Parents ask Portland public schools for a quarantine plan

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While at least 200 PPS students have been asked to self-quarantine, parents say they did so without setting up distance learning alternatives.

PORTLAND, Ore. – Across the Portland Public School District (PPS), a few hundred students were quarantined on Thursday. This is causing a growing number of parents to worry about whether their schools could close, as are others in the Portland metro area.

“I hope PPS will be able to be more transparent with their plan,” said Kayla Gulbranson, parent of Duniway.

The plan Gulbranson is waiting for is how and when the district would educate the children, if they were to be quarantined at home. Gulbranson is not alone. At Tuesday night’s PPS board meeting, several parents rang the bell.

“There’s nothing in place and that’s what frustrates me. We’ve been doing this for so long, ”said Jeff Oswald, Hayhurst parent. Oswald said he wanted more for his fifth-year son when he had to quarantine for 10 days, after a classmate tested positive for COVID-19.

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“I’ve been told that there isn’t much going to be missing, so don’t worry about that,” Oswald said. “No one wants to hear this from an educator. I’ll be honest, it pissed me off.

PPS parent and teacher Cathryn Henderson expressed similar frustration to the board.

“I managed to keep my family and I safe from COVID for a year and a half, but it only took my son three days to bring COVID home from school and into our house. “

Henderson said he was told his third-year son was following all the rules, including wearing a mask and keeping three feet apart.

“There is so much we still don’t know about this virus,” Henderson said. “Precautions at school are not enough to keep our children safe. The few days I spent in my class, I constantly reminded my students to put their masks on their noses and keep a distance of one meter – they are children!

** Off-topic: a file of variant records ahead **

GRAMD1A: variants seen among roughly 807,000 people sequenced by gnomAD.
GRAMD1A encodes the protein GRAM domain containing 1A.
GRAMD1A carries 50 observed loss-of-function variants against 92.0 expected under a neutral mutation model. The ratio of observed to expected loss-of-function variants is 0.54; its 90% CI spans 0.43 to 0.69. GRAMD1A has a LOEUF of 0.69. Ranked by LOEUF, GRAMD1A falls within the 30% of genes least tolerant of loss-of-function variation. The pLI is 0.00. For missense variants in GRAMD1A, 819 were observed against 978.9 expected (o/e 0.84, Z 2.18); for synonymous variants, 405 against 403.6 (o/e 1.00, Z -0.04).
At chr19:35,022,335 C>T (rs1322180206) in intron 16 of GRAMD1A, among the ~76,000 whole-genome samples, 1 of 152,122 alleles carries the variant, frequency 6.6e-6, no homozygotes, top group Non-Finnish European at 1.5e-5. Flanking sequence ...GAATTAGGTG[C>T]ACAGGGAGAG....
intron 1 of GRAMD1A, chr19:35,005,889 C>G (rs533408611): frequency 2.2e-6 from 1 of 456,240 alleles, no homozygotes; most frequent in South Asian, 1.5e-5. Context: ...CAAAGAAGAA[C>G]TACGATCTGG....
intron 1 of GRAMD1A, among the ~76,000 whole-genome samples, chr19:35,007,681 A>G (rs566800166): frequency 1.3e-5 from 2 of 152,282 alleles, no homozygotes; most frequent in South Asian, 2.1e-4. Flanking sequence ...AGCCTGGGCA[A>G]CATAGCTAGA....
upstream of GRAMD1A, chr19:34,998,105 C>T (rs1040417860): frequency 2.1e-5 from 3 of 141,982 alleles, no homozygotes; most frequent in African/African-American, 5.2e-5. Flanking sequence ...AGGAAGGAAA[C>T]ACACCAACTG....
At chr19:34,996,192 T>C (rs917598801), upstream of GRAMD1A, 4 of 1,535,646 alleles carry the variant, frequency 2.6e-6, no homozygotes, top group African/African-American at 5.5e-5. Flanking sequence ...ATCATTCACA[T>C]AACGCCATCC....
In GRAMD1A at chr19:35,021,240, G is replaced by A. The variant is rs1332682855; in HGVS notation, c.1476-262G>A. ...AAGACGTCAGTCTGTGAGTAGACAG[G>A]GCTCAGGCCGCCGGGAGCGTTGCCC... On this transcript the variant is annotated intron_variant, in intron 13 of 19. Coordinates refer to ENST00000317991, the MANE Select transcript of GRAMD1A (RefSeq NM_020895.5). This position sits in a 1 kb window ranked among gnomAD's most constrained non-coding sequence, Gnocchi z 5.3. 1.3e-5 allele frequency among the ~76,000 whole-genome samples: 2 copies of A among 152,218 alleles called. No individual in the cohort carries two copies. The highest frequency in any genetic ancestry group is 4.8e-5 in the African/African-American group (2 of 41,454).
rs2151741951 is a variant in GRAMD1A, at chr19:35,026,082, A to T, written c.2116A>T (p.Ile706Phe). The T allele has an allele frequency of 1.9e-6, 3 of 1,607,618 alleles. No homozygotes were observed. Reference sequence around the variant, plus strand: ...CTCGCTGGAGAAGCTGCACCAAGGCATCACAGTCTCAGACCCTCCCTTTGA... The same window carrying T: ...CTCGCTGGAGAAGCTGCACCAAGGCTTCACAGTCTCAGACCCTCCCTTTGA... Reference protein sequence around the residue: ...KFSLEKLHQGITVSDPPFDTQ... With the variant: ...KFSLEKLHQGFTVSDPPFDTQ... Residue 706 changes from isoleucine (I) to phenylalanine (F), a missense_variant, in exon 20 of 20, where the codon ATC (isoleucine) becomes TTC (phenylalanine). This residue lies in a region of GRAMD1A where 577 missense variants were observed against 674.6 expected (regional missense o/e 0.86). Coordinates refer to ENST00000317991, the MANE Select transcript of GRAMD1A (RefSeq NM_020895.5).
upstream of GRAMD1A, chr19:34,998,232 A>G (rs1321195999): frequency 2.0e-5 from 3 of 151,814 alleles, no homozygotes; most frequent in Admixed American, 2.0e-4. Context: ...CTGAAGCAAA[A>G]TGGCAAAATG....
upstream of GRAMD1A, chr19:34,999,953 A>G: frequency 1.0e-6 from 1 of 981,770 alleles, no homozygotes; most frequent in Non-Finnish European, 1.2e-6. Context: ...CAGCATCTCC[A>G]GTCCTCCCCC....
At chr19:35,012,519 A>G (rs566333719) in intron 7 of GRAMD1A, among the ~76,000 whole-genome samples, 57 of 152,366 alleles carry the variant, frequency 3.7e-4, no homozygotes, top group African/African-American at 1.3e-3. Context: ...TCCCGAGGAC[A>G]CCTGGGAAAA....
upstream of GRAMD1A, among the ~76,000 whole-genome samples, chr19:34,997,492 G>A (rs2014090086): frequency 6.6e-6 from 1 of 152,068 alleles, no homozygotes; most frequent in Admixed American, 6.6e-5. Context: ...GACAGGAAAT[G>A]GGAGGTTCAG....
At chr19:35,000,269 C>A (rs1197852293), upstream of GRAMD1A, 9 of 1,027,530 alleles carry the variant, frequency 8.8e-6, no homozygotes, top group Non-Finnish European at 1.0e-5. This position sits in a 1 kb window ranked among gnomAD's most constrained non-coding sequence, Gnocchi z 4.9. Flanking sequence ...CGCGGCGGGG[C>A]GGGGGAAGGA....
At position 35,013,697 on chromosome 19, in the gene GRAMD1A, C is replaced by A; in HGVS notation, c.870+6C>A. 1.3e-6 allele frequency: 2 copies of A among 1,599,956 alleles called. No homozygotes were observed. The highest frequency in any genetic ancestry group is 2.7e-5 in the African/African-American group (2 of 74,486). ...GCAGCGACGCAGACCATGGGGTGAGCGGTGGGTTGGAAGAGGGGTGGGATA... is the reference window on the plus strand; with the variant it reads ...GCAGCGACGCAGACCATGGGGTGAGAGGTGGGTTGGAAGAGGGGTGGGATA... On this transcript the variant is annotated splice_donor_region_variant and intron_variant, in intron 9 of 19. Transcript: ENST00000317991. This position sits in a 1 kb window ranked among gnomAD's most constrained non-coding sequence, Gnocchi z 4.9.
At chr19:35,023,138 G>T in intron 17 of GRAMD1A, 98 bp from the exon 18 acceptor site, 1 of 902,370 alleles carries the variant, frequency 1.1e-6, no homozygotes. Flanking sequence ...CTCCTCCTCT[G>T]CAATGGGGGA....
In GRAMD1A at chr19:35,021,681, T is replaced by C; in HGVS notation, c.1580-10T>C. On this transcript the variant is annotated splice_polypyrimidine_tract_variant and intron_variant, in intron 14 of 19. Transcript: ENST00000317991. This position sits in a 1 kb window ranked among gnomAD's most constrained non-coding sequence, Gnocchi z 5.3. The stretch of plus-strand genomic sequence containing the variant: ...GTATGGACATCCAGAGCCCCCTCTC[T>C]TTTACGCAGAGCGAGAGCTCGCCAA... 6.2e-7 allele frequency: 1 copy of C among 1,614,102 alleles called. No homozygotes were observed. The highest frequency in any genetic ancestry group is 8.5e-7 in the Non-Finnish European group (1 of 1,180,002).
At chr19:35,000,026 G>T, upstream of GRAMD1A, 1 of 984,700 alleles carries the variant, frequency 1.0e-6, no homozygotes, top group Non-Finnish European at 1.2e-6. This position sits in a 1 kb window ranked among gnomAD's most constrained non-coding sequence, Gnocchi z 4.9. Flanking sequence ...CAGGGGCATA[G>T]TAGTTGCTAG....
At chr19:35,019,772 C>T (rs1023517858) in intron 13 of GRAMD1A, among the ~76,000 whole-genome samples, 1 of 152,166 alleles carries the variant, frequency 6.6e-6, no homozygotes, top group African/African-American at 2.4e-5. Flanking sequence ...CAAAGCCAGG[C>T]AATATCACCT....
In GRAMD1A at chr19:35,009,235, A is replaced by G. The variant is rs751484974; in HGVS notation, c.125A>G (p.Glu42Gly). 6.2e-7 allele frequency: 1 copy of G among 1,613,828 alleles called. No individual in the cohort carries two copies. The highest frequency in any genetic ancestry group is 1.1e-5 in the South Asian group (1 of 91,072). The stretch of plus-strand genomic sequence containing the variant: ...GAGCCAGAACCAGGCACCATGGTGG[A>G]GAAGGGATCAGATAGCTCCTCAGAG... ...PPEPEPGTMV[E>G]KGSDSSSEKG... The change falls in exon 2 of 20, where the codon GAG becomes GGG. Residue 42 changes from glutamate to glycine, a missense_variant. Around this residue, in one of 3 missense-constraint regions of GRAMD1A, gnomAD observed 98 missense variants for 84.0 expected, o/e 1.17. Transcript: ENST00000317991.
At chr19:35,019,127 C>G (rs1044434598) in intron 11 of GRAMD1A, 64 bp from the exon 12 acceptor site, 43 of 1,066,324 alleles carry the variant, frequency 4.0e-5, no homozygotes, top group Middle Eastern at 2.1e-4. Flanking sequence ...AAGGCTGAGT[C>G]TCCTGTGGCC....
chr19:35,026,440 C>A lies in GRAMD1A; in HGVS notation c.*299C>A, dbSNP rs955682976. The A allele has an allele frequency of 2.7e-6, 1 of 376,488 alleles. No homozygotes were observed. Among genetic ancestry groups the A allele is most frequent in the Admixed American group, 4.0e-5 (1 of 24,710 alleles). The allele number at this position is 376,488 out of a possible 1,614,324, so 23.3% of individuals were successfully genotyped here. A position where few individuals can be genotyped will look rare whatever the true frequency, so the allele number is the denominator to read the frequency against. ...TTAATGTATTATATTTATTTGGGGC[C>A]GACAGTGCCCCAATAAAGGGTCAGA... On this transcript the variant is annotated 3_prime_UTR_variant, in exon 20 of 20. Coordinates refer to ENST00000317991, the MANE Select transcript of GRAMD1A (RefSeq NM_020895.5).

So what’s the plan of Portland’s public schools if they are to move an entire school to distance education, and what would trigger it? District spokeswoman Karen Werstein told KGW that the district is working with county health officials and Multnomah Education Services District to determine this.

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“If the boards recommended that we put in-person learning on hold, we are prepared to temporarily move students or classrooms to full distance learning, as indicated by our healthcare partners,” Werstein said.

KGW asked Multnomah County health officials when this would happen.

“There is no simple measure by which we would recommend putting a stop to in-person learning,” said Kate Yeiser, communications coordinator for Multnomah County Health Department Divisions. we learn as we go. We will know more about how the disease is spread and the level of action needed to control the spread so that students can stay in school.

Parents, including Oswald, believe the potential for in-person learning is clear enough to warrant sharing a plan with parents now.

“It’s inevitable,” Oswald said. “The children are going to miss school. There is no vaccination for the elementary level. I’ll be shocked if they’re still around by Halloween.

Many PPS parents are also frustrated with the lack of allocated seats on school buses. With the district telling KGW they are now creating seating charts, it was not time to stop a big quarantine in Duniway. Gulbranson, who is also president of the Duniway Parent-Teacher Association, said a student on the bus recently tested positive for COVID-19. Without any way to contact the trace, he forced 40 students to stay home and self-quarantine.

“We shot [our kids] off the bus because we don’t want to risk that possibility, ”Gulbranson said. “It’s not fair to those school kids who are stuck at home doing nothing.”


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